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The College Options Services Blog

College Admissions Agreements and Other Fairy Tales
By Andrew Flagel
Dean of Admissions - George Mason University
Post Date: 2/16/2011

Once upon a time, colleges and universities desperately wanted to be sure they admitted the right students for all the right reasons. They treated the students fairly, and respectfully gave them reasonable amounts of time to weigh their decisions.

Yeah, right.

The story should go more like this: Once upon a time, evil, manipulative wizard wannabes called “admission directors” realized that their jobs depended on the income generated from student tuition and the number of high-profile students they enrolled. These shrewd, crafty folks also recognized that they were much more likely to get the best students (roughly translated as wealthy and high-profile) if the students could be convinced to commit as early as possible to their institutions. This early commitment also allowed those schools to do better planning, which allowed them to please their kings -- I mean, college presidents -- with earlier projections of income and student profiles.

This process led to a kind of war where colleges and universities set earlier and earlier commitment dates (called deposit deadlines) by asking admitted students for money to secure a spot. They further hinted that without the deposit, that spot may just have to be given to some other deserving student. My intensive research into artifacts from the period, which I am entirely making up, indicates that approximately 64.789 percent of admitted students were, as a result, asked to commit to an institution at least three to four weeks before they had actually been admitted.

During this dark and evil time, a tiny light appeared. Well, to be more accurate, a dim light flickered. Most of these institutions reached an agreement that stated admitted students should have until May 1 of their senior year to make a decision on committing to an institution. This later deadline allowed students waiting on financial aid information (usually available by the start of April) or admissions decisions from really uptight institutions (a handful held decisions until April 1 – as if April Fools’ Day somehow created a positive impression) at least a few weeks to ponder options. At the same time, May, while late for many institutions, left a reasonable amount of time for schools to scramble to make sure they had enough professors, beds in dorms, and cheap logo-laden giveaway items for orientation.

Unfortunately, pretty much as soon as this glorious agreement was reached, the evil manipulative wizard wannabes started working their magic to find ways to bend, circumvent, or entirely break that agreement.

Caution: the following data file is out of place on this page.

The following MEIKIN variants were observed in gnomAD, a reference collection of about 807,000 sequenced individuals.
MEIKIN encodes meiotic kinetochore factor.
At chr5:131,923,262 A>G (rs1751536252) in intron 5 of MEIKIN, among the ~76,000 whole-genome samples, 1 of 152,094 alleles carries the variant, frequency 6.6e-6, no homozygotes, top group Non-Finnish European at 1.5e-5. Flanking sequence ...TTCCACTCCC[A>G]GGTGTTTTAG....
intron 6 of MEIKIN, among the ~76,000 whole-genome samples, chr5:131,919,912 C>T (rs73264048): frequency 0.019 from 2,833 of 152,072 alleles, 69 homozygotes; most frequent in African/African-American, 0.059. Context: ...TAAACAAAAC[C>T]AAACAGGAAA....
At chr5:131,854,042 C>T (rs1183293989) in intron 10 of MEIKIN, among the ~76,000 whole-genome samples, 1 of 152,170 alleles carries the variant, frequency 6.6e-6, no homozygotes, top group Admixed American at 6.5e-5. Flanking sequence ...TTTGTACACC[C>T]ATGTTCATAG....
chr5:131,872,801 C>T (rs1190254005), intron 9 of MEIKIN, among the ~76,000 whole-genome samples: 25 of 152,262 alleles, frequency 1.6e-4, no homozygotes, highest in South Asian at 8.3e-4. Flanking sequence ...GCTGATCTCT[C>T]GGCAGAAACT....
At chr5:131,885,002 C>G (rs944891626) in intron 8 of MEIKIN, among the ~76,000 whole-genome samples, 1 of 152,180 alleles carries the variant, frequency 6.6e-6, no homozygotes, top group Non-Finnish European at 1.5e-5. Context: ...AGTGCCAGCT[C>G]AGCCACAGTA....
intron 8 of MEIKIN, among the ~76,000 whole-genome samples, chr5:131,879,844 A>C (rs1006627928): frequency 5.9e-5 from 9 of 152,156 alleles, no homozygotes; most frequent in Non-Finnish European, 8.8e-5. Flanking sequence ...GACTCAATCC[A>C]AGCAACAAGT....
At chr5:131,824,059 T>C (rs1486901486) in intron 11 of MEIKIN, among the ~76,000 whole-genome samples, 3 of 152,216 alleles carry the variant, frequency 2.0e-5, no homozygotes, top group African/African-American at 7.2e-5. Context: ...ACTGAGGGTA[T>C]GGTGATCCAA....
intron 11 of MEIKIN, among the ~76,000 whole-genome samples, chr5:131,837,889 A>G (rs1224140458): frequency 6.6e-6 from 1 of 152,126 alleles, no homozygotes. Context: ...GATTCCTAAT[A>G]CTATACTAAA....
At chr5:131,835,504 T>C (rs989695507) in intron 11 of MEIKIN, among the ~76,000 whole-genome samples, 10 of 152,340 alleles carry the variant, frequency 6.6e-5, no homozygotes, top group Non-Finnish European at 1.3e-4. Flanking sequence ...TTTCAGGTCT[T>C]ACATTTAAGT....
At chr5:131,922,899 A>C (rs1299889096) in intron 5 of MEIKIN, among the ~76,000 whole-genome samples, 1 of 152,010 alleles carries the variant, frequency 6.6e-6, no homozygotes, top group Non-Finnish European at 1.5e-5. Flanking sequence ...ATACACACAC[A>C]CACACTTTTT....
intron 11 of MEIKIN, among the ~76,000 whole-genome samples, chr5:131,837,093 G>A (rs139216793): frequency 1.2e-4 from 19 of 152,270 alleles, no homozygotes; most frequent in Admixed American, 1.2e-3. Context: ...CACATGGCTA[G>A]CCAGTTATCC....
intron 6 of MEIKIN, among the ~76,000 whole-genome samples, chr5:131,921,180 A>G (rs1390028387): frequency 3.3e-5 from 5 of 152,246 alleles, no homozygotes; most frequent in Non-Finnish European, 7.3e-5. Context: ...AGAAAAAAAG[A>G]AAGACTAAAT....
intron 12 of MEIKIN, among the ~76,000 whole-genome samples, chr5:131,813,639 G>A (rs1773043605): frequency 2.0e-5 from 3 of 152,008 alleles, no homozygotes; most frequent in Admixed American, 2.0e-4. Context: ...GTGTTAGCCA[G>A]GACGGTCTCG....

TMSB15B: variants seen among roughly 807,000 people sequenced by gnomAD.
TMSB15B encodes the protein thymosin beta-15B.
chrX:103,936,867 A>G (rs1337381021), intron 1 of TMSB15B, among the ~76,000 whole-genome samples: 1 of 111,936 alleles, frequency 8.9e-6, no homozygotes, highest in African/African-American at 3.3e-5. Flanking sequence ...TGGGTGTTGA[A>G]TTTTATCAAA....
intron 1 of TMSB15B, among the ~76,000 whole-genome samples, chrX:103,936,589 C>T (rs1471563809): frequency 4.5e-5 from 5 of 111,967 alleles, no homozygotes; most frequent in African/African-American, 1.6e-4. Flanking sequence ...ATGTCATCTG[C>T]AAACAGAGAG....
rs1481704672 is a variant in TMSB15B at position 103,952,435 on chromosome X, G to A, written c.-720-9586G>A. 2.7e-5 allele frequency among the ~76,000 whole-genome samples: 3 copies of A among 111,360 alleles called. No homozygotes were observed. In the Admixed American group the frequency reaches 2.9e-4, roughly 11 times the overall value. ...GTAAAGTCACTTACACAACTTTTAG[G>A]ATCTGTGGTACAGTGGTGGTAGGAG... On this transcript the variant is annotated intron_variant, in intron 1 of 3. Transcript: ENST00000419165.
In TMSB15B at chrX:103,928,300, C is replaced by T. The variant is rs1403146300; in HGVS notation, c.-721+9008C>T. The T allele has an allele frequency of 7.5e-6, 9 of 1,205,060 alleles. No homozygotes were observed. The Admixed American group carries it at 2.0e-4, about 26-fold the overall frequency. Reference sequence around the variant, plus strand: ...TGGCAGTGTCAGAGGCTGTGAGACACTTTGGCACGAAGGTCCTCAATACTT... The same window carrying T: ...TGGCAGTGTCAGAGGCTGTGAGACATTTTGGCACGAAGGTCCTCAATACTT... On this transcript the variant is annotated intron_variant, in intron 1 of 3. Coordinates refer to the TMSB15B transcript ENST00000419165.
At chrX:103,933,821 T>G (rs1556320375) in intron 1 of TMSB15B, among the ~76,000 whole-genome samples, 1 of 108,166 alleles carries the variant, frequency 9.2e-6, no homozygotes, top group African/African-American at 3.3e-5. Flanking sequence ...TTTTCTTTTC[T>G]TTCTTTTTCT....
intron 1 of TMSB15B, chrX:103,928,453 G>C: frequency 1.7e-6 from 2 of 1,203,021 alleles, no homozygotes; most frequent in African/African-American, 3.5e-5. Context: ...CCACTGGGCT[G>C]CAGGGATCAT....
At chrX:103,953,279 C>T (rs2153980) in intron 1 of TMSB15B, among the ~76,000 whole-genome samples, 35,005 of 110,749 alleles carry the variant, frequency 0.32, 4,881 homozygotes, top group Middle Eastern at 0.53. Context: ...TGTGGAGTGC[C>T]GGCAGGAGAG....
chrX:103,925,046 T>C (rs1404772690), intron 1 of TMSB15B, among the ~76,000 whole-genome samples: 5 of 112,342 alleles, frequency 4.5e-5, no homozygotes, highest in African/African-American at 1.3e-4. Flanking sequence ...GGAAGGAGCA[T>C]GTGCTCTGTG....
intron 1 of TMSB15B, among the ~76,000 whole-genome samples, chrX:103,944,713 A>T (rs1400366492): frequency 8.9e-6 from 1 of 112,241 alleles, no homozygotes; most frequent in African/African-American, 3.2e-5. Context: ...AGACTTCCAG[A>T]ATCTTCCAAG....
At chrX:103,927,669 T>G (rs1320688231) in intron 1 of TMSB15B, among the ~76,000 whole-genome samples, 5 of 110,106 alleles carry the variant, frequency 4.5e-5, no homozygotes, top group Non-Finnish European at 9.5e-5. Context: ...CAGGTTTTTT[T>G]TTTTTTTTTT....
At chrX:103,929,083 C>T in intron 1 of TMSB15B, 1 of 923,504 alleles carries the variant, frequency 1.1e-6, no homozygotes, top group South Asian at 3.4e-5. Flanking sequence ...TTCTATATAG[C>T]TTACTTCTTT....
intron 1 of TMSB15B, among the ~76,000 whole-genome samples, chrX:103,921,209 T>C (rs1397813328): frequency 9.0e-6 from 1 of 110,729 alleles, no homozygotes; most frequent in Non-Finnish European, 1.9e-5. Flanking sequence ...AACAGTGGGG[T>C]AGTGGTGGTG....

Many schools find perfectly reasonable justifications for dancing around this issue. They have limited beds on campus, are constrained on space, or have a very short supply of Beanie Babies bearing the school logo. As a result, colleges and universities go to all kinds of lengths to get you to commit much earlier than May 1, while still APPEARING to adhere to the agreement.


The result looks something like this: You receive a nice admissions letter congratulating you and encouraging you to deposit as soon as possible because “space is limited.” These often say that you CAN (could, might) wait until May 1, but THEN you PROBABLY will have the worst dorm room ever and a class schedule that requires waking up approximately three hours before you go to bed for classes that have absolutely nothing to do with your interests, major or requirements.

Some of the slightly less evil schools will mention that, although they want (insist, require) you to have your deposit in right away, that deposit is REFUNDABLE until May 1. Technically, that meets the stipulations of the agreement, but not the spirit. Others don’t even pretend to stick to the agreement.

There is a small glimmer of good news: You can fight back.

Most (but not all) schools will back down if you confront them with knowledge of the May 1 deadline agreement. If the school threatens to disadvantage you by having you come to the orientation scheduled at 3 am on July 4th just because you waited until the deadline, then let them know you are going to formally complain to NACAC, the National Association for College Admission Counseling, as well as your congressperson and, if you have access to him, Bono from U2. Be warned though, none of these tactics are likely to have a tremendous influence on the college admissions office, especially if they are not U2 fans.

The bottom line is that you SHOULD have until May 1 to make your decision. You SHOULD be able to take that time without being disadvantaged. You SHOULD have a reasonable expectation that admissions offices won’t resort to cheap, manipulative tactics in this process. Also, you SHOULD come to Mason. Send your deposit RIGHT NOW – space is limited.

Be seeing you.

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